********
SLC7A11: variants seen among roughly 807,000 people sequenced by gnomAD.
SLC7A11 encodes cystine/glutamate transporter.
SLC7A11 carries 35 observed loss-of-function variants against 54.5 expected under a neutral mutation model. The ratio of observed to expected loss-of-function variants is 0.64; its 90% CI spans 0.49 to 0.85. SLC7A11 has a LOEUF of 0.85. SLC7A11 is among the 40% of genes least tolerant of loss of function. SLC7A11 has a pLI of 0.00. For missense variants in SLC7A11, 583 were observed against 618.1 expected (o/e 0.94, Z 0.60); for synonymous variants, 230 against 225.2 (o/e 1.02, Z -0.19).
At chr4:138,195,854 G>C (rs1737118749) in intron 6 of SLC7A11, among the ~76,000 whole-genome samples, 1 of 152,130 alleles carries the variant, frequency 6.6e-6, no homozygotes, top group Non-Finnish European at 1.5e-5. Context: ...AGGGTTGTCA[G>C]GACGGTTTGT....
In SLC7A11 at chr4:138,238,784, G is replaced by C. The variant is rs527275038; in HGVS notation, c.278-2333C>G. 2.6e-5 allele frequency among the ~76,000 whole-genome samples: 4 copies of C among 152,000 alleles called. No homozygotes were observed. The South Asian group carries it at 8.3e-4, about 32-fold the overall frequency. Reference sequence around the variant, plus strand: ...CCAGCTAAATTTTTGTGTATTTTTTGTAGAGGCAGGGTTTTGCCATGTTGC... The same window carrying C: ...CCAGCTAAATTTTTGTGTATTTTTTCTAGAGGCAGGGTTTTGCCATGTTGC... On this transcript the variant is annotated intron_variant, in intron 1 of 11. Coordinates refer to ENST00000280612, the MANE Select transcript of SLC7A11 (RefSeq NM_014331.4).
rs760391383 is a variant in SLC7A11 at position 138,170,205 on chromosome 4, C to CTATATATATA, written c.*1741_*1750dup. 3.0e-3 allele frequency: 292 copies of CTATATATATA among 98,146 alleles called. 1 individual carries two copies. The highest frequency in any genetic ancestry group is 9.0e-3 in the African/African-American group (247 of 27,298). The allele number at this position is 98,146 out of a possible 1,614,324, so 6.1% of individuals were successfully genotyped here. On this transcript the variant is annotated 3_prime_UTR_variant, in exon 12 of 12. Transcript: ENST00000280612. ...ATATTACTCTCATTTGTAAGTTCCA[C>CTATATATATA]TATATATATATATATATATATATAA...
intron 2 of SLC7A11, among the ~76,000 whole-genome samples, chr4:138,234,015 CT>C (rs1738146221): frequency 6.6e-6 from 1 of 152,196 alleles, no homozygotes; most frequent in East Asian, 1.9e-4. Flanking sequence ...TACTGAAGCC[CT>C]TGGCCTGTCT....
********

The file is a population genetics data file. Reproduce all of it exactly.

SLC7A11: variants seen among roughly 807,000 people sequenced by gnomAD.
SLC7A11 encodes cystine/glutamate transporter.
SLC7A11 carries 35 observed loss-of-function variants against 54.5 expected under a neutral mutation model. The ratio of observed to expected loss-of-function variants is 0.64; its 90% CI spans 0.49 to 0.85. SLC7A11 has a LOEUF of 0.85. SLC7A11 is among the 40% of genes least tolerant of loss of function. SLC7A11 has a pLI of 0.00. For missense variants in SLC7A11, 583 were observed against 618.1 expected (o/e 0.94, Z 0.60); for synonymous variants, 230 against 225.2 (o/e 1.02, Z -0.19).
At chr4:138,195,854 G>C (rs1737118749) in intron 6 of SLC7A11, among the ~76,000 whole-genome samples, 1 of 152,130 alleles carries the variant, frequency 6.6e-6, no homozygotes, top group Non-Finnish European at 1.5e-5. Context: ...AGGGTTGTCA[G>C]GACGGTTTGT....
In SLC7A11 at chr4:138,238,784, G is replaced by C. The variant is rs527275038; in HGVS notation, c.278-2333C>G. 2.6e-5 allele frequency among the ~76,000 whole-genome samples: 4 copies of C among 152,000 alleles called. No homozygotes were observed. The South Asian group carries it at 8.3e-4, about 32-fold the overall frequency. Reference sequence around the variant, plus strand: ...CCAGCTAAATTTTTGTGTATTTTTTGTAGAGGCAGGGTTTTGCCATGTTGC... The same window carrying C: ...CCAGCTAAATTTTTGTGTATTTTTTCTAGAGGCAGGGTTTTGCCATGTTGC... On this transcript the variant is annotated intron_variant, in intron 1 of 11. Coordinates refer to ENST00000280612, the MANE Select transcript of SLC7A11 (RefSeq NM_014331.4).
rs760391383 is a variant in SLC7A11 at position 138,170,205 on chromosome 4, C to CTATATATATA, written c.*1741_*1750dup. 3.0e-3 allele frequency: 292 copies of CTATATATATA among 98,146 alleles called. 1 individual carries two copies. The highest frequency in any genetic ancestry group is 9.0e-3 in the African/African-American group (247 of 27,298). The allele number at this position is 98,146 out of a possible 1,614,324, so 6.1% of individuals were successfully genotyped here. On this transcript the variant is annotated 3_prime_UTR_variant, in exon 12 of 12. Transcript: ENST00000280612. ...ATATTACTCTCATTTGTAAGTTCCA[C>CTATATATATA]TATATATATATATATATATATATAA...
intron 2 of SLC7A11, among the ~76,000 whole-genome samples, chr4:138,234,015 CT>C (rs1738146221): frequency 6.6e-6 from 1 of 152,196 alleles, no homozygotes; most frequent in East Asian, 1.9e-4. Flanking sequence ...TACTGAAGCC[CT>C]TGGCCTGTCT....